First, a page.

MacDonald has done what he can locally. Now the fate of his hoped-for To Kalon Creek lies in a Washington, D.C. meeting room.

President Benjamin Harrison in 1890 signed legislation creating the United States Board on Geographic Names, the agency website said. The idea was to avoid having name chaos and have map makers, surveyors and scientists all using the same names.

The Board’s Domestic Names Committee meets monthly and includes representatives from such agencies as the Department of Homeland Security, Library of Congress, Department of Commerce and Department of Agriculture.

A sense of how the naming committee works can be gleaned from its 790th meeting that took place on Feb. 9. Members considered 16 proposed names and voted to approve nine of them.

The committee approved the name Stillwater Run for a 1.9-mile stream in Cumru Township, Pennsylvania. The township submitted the name that had triumphed in a local naming contest.

But the committee turned down the name Katzler Peak for an 8,736-foot-tall summit in Rio Grande National Forest, Colorado. The proponent said she wanted to commemorate her ancestors. The committee found no evidence any Katzler other than the proponent ever lived in Colorado.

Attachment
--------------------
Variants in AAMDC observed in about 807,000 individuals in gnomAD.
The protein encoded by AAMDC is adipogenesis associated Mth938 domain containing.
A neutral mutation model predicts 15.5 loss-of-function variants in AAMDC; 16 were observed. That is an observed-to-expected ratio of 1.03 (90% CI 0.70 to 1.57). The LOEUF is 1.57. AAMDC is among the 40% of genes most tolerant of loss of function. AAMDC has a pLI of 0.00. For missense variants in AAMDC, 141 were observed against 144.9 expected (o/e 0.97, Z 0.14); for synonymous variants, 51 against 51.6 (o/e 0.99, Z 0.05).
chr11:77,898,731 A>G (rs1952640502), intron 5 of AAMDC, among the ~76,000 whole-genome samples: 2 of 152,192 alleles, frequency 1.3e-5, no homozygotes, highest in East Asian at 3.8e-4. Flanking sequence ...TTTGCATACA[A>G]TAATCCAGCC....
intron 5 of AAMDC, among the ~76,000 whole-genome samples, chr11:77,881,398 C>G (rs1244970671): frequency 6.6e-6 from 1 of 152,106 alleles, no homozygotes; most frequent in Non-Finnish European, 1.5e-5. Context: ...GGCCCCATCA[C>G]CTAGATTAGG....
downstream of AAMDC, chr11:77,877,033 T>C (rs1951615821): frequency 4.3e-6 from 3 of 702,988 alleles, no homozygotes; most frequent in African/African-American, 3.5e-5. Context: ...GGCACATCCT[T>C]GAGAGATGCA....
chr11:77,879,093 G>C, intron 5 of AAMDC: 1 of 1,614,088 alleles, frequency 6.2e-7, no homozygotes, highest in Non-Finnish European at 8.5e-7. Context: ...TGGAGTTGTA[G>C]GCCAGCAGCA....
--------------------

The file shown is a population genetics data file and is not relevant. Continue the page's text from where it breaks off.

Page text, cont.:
Now all MacDonald can do is wait for the day To Kalon Creek goes before the naming committee, perhaps this summer.

Napa County has some relatively well-known names – at least locally—that appear on the United States Geological Survey’s National Map. Among them are Atlas Peak, Mount Veeder, Napa Creek, Mount St. Helena, Yountville Hills and Richey Creek in Bothe-Napa Valley State Park.

Other names are obscure. Jenkins Rock, Ephlin Hill, Rattlesnake Ridge, Bismark Knob, The Beehive, Mysterious Creek, Zim Zim Creek, Candlestick Ridge and Wind Flat are all part of the county.

The map also shows many a small stream, ridge and other geographical features that are nameless. Howell said that, south of the creek that MacDonald hopes to name, there are six other creeks without official names.

“There are a lot of creeks coming out of the Mayacamas that aren’t named,” Howell said.

But mounting a naming effort takes time, with MacDonald estimating he has put in more than 40 hours. Being successful takes the right name that has local support. And it doesn’t hurt if the proponent has come up with a proposal that stirs the imagination and invokes an area’s past and present.

MacDonald hopes that he has just that type of name in To Kalon Creek.

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Napa County Reporter

Barry Eberling covers Napa County government, transportation, the environment and general assignments. He has worked for the Napa Valley Register since fall 2014 and previously worked 27 years for the Daily Republic of Fairfield.